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Crash Buyer

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Everything posted by Crash Buyer

  1. According to the AA the average is 97.7p/litre, compared to 86.6p a year ago (up 13%). I'm sure that the ONS version is perfectly clear, but unfortunately, they don't tell you how the civil service works. I previously posted this, which summarises the real method. http://www.housepricecrash.co.uk/forum/ind...mp;#entry795726 Excellent post!
  2. Exactly. Bootle is Mr 'Death of Inflation'. Bootle book A purely imaginary world? Yes. New and used copies from 1 cent - still overpriced
  3. Maybe Brown could engineer another fake election to encourage the Tories to outline some more policies. Then repeat the process every three months until the real election in 2009 or 2010. Actually, this is only part of the NuLab plan to copy the Tories - they are stealing some old Tory ideas as well. They have already copied the dumping a leader during the middle of a third term. They will shortly follow this by copying a recession and HPC.
  4. I agree with some of your sentiments but the Adam Curtis series 'The Trap' did address some of your points as follows - The programme argued that the theory does not work in practice. However there was the largest ever UK demo, against the Iraq war, before the war had even started. Could people ever control their govts? Curtis argued that by encouraging people to act in their own self interest, Game Theory had unintended consequences. People did not behave as expected and also came to regard politicans as self-interested bureaucrats. I agree with your comments about the merits of post office privatisation, however I think most people are totally indifferent to almost all political issues, even when they are affected by them. With regard to the housing bubble, the recession will cause the herd instinct to change but I don't think the sheeple will become activists or realise their mistakes. They will simply follow the new herd instinct, that housing is a bad investment.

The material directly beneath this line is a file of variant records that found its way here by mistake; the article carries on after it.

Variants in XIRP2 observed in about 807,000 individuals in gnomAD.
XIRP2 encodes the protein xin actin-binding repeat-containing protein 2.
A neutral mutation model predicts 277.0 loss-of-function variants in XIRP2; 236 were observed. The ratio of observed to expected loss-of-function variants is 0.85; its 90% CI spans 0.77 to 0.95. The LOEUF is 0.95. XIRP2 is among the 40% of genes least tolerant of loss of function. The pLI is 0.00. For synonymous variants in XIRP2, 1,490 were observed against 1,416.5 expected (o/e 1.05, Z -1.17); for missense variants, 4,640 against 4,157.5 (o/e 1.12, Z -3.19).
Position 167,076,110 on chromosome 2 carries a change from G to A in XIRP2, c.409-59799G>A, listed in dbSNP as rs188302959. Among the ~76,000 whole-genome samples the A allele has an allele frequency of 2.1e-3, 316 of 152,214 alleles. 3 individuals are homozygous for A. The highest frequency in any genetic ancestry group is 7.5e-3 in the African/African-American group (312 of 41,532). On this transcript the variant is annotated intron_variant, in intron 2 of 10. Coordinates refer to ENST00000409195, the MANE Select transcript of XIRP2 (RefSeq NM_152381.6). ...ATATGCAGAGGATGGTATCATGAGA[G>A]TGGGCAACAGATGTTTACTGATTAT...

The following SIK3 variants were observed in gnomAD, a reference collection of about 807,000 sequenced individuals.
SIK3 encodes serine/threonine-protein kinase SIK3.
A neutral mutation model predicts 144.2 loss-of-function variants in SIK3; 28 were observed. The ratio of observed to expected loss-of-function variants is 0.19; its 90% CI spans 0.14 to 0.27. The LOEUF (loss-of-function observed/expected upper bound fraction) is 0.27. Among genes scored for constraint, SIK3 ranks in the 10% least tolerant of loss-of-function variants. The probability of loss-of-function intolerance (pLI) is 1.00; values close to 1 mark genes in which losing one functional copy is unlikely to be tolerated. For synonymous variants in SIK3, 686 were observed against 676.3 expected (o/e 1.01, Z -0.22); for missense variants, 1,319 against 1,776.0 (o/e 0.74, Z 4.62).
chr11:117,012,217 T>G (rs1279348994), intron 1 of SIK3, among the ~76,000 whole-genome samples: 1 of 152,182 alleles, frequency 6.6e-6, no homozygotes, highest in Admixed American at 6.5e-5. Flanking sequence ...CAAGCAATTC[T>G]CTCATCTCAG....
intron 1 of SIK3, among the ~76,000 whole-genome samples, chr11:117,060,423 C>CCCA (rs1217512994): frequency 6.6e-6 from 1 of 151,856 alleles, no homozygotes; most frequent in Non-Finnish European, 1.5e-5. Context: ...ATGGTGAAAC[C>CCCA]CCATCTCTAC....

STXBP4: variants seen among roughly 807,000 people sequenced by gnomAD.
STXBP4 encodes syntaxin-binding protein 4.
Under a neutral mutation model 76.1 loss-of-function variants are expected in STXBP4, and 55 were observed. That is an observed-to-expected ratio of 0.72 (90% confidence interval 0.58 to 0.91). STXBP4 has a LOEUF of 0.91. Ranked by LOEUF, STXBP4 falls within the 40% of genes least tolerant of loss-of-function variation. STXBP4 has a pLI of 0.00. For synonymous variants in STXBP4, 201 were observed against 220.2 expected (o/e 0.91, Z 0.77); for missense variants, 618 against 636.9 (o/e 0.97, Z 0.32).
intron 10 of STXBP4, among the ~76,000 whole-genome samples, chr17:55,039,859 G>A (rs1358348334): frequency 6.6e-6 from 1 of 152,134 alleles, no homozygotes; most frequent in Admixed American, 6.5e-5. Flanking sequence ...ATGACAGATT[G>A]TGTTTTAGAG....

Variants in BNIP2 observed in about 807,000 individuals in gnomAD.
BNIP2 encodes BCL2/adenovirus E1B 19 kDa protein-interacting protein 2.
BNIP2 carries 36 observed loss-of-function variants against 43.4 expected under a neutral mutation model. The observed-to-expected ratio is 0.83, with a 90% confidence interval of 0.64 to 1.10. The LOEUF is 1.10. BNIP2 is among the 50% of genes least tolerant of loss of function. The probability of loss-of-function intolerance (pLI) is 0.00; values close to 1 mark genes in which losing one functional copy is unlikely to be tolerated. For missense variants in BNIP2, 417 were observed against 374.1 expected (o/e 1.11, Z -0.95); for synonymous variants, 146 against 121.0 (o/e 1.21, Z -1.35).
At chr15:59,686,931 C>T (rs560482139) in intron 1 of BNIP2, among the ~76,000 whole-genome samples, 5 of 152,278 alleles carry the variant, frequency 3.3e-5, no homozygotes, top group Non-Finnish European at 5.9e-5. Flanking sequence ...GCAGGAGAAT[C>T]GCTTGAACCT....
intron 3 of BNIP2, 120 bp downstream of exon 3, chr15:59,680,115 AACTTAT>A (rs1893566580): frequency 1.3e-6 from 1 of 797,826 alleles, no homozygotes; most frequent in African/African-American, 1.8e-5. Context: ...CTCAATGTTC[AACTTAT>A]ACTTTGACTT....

5. Exactly. When CPI was 3.1%, the BoE told us that lower energy bills would be the main driver for lower CPI in 2007. The price cuts never appeared to the extent that was forecast, but inflation somehow reached the 'required' level anyway.
  6. As Galloway said "Blair and Brown are two cheeks of the same ars*". Another day, another cynical spin attempt. Then Brown completely bottled it when faced with the weak nature of NuLab support in the polls. With reference to house prices, the BBC is suddenly turning bearish - will NuLab attempt to counter any move away from constant govt propaganda ("house prices always go up" etc) ?
  7. The regional data table is interesting. MoM% either zero or down in 6 of 10 regions. Supports other evidence that the market is being held up by London/SE.
  8. It has worked in the short term but inevitably lower real wages means lower economic demand and therefore recession (and probably deflation).
  9. A perfectly valid explanation of individual events, but what about the subtext of the media and political establishment? The Power of Nightmares - Adam Curtis
  10. Excellent programme (from the BBC as well !). I also highly recommend two other series by Adam Curtis, for those that haven't seen them. The Power of Nightmares (war on terror and the Neo-cons) BBC summary The Trap - What Happened to our Dream of Freedom (a good demolition of NuLab) Wikipedia summary
  11. Graph from CML (spit) showing the ridiculous increase in the number of BTL mortgages each year. BTL chart As I mentioned on the other thread on this story, the BBC news last night sounded very bearish on the RICS report. Who'd have thought it from the Brown Broadcasting Corporation?
  12. How the times have changed - they are using the B word. Last night on BBC News there was also very bearish reporting of the RICS survey, where the BBC reporter actually said prices are falling Sentiment has changed very rapidly since the credit crunch and Northern Rock fiasco.
  13. I suspect that once the recession hits, NuLab poll ratings will collapse and the party will descend into in-fighting. The Tories look set for an extended run in power - I agree it could easily be 15-20 years. Voters will again end up with a party that is used to power and runs the country like a private estate. The Tories will be no different to NuLab in this sense, but voters should learn that its better to have some competition between the parties rather than letting them stay in power for 15 years each.